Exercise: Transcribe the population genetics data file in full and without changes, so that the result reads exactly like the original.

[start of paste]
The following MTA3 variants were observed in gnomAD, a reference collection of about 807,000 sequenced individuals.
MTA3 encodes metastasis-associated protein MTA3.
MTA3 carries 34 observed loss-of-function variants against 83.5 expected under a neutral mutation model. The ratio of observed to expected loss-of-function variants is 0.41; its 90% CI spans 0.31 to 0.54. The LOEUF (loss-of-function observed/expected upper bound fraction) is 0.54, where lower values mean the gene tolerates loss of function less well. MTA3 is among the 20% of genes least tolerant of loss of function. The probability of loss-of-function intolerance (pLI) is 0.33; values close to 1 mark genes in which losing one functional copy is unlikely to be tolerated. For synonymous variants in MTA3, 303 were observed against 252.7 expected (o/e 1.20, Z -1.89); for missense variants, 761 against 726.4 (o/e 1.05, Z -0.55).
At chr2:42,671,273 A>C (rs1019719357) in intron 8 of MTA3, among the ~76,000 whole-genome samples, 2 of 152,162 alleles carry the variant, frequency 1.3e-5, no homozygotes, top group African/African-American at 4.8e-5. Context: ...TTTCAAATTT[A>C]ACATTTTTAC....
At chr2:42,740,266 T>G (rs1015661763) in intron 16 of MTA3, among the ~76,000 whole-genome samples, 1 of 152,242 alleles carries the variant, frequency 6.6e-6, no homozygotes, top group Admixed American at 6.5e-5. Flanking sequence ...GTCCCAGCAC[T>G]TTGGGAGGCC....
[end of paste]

The following MTA3 variants were observed in gnomAD, a reference collection of about 807,000 sequenced individuals.
MTA3 encodes metastasis-associated protein MTA3.
MTA3 carries 34 observed loss-of-function variants against 83.5 expected under a neutral mutation model. The ratio of observed to expected loss-of-function variants is 0.41; its 90% CI spans 0.31 to 0.54. The LOEUF (loss-of-function observed/expected upper bound fraction) is 0.54, where lower values mean the gene tolerates loss of function less well. MTA3 is among the 20% of genes least tolerant of loss of function. The probability of loss-of-function intolerance (pLI) is 0.33; values close to 1 mark genes in which losing one functional copy is unlikely to be tolerated. For synonymous variants in MTA3, 303 were observed against 252.7 expected (o/e 1.20, Z -1.89); for missense variants, 761 against 726.4 (o/e 1.05, Z -0.55).
At chr2:42,671,273 A>C (rs1019719357) in intron 8 of MTA3, among the ~76,000 whole-genome samples, 2 of 152,162 alleles carry the variant, frequency 1.3e-5, no homozygotes, top group African/African-American at 4.8e-5. Context: ...TTTCAAATTT[A>C]ACATTTTTAC....
At chr2:42,740,266 T>G (rs1015661763) in intron 16 of MTA3, among the ~76,000 whole-genome samples, 1 of 152,242 alleles carries the variant, frequency 6.6e-6, no homozygotes, top group Admixed American at 6.5e-5. Flanking sequence ...GTCCCAGCAC[T>G]TTGGGAGGCC....